Watching brief - Amanda Platell sees too many ads in the Telegraph

Advertisements all but obliterated pages two and three of Saturday's <em>Telegraph</em>. The reader

The relationship with your daily newspaper is not dissimilar to a marriage - you are immersed in the familiar daily routine, and it can take a while for you to realise that things have gone wrong. I had that feeling last Saturday with the Daily Telegraph.

The deeply moving interview with Sir Ranulph Fiennes after the death of his beloved wife, Ginny, was spread across pages two and three, and these pages had been all but obliterated by advertisements. This was unusual positioning: page two of any broadsheet on its biggest-selling day, Saturday, is usually the shop window for the paper. What usually happens in newspapers is that there is a healthy and daily struggle between the advertising and editorial departments. The former presents the latter with its ideal newspaper layout, complete with huge ads on every page, and the latter tells it to piss off. A compromise is duly reached between the commercial and editorial needs of the title.

Clearly no such exchange took place when that week's Saturday Telegraph was being laid out. It is a worrying precedent for a newspaper valiantly struggling along while it awaits news of its next owner.

Meanwhile, the Barclay brothers pulled out of the race to purchase the paper, clearly thinking the new £600m price tag on the Telegraph Group titles was too rich. They are not alone. Any new owner with a mind first to the bottom line will seek to recoup this overspend, and so the precedents set during this interim period are all the more dangerous.

The heavily added Telegraph left the reader feeling rather cheated. And as any journalist knows, you cheat your reader at your peril.

Trinity Mirror's chief executive, Sly Bailey, is about to find out whether price matters, having just increased the price of the Daily Mirror to 35p against the Sun's 30p and holding. The former magazine executive is attempting to pull off the same trick as the Guardian did when it launched its ground-breaking and much-imitated Guide - bump up sales one day to help the weekly figures.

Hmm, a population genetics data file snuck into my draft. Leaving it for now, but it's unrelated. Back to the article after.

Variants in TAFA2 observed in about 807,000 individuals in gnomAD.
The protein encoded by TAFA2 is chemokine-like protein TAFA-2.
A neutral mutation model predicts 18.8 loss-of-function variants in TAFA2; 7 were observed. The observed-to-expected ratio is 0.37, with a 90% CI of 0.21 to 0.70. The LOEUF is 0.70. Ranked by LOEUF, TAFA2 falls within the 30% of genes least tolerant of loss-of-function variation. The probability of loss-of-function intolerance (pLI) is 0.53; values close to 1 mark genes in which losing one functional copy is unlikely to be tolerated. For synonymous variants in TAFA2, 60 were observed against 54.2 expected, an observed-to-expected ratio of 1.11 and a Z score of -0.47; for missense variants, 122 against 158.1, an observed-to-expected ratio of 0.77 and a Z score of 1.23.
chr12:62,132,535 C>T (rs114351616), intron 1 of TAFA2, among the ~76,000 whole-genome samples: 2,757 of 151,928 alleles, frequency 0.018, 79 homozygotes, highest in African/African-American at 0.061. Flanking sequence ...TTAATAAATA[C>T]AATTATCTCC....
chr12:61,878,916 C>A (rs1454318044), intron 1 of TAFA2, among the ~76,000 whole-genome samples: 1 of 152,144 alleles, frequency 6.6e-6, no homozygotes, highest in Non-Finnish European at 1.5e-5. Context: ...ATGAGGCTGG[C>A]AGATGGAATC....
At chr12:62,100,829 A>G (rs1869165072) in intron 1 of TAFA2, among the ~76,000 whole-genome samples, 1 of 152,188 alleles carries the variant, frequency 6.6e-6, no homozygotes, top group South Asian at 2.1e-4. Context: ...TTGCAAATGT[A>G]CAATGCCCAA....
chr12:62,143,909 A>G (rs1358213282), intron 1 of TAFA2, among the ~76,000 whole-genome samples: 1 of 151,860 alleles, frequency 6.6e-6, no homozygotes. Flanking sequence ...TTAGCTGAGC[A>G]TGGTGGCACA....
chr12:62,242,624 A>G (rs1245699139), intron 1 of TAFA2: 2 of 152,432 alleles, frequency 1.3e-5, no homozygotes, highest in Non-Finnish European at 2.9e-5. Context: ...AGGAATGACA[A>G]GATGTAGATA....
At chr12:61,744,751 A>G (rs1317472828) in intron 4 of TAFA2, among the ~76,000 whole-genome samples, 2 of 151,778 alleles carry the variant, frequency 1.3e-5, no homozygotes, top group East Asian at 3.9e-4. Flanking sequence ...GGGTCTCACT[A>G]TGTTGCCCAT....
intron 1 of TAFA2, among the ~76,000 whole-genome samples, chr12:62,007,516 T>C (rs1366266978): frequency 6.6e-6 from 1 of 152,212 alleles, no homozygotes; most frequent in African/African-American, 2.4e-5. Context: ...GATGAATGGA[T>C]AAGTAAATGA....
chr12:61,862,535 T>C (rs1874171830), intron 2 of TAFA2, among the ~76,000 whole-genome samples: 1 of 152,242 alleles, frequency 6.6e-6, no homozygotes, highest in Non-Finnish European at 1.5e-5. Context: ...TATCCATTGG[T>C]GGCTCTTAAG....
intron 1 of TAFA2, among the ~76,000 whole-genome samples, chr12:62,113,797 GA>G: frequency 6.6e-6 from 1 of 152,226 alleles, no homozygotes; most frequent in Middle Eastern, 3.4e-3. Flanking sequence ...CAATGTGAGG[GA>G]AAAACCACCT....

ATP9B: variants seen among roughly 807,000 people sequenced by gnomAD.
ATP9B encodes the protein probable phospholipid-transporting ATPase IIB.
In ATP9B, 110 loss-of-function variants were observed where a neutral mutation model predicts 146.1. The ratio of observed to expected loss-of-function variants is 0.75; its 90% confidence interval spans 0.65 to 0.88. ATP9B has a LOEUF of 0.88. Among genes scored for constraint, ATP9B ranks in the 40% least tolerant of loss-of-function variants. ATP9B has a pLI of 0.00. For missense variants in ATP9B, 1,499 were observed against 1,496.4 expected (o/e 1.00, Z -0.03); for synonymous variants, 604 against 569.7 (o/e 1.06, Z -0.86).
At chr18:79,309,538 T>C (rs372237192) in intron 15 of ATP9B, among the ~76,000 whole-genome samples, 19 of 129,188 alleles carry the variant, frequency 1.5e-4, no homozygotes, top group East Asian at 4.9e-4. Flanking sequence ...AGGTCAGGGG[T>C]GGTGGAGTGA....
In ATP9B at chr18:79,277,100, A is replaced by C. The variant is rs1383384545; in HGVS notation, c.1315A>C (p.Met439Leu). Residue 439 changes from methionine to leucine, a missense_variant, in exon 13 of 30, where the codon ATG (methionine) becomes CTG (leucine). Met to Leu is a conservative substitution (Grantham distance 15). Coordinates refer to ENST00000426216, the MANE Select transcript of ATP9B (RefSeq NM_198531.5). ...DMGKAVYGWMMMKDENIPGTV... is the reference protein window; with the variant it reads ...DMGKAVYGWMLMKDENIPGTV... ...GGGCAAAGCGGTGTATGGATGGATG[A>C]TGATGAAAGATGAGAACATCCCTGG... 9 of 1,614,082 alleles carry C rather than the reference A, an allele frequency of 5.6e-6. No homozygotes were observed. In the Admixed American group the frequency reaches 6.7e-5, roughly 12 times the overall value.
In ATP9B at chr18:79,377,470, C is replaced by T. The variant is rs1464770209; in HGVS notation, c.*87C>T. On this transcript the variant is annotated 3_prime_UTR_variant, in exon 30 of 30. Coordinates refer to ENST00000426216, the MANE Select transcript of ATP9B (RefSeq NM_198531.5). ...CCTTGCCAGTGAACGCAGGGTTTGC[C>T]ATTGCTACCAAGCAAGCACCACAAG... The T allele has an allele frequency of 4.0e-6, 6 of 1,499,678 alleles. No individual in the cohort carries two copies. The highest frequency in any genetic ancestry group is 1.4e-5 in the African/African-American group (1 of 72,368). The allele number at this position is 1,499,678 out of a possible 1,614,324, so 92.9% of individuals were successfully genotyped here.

She has launched a pocket-sized gossip magazine on Wednesdays, based on the Mirror's successful 3am showbiz format. I doubt it will be enough, despite a huge television advertising campaign. With so many magazines now on offer, the novelty has worn off and they tend to lock in readers, not lure them.

The "grouping together" of all the Mirror's magazine titles spells only one thing - rationalisation. And that, I'm

afraid, is a newspaper word for "sackings".

The much-heralded new ITV news format burst on to our screens in all its lurid glory. The revamp is an attempt to head off the award-winning Sky News, which has just walked off with another trophy for best news channel. ITV has been running promos for the various new-look news programmes featuring the presenters, who are as cheerful as they are colourful.

Not since Michael Howard, Theresa May and Oliver Letwin stood beside Iain Duncan Smith outside Conservative Central Office, as he assured us that he had the complete support of his party, have I seen so many people look quite so uncomfortable. And Mary Nightingale performed the new, impromptu, cross-the-studio format slightly more elegantly than a transsexual hippopotamus in ill-fitting Jimmy Choos.

Arresting headline, shame about the relentlessly dreary piece by Fiona Millar in the Observer: "Why middle-class parents should go for the local comp". I'd say don't give up the day job - but it's a bit late for that, love.

Ms Millar, partner of Alastair Campbell, has, since leaving her job as adviser to Cherie Blair at No 10, attempted to carve out for herself a new writing and broadcasting career as the voice of conscience of the left in education. She argues that "the best thing for our children is to be educated among pupils from all backgrounds".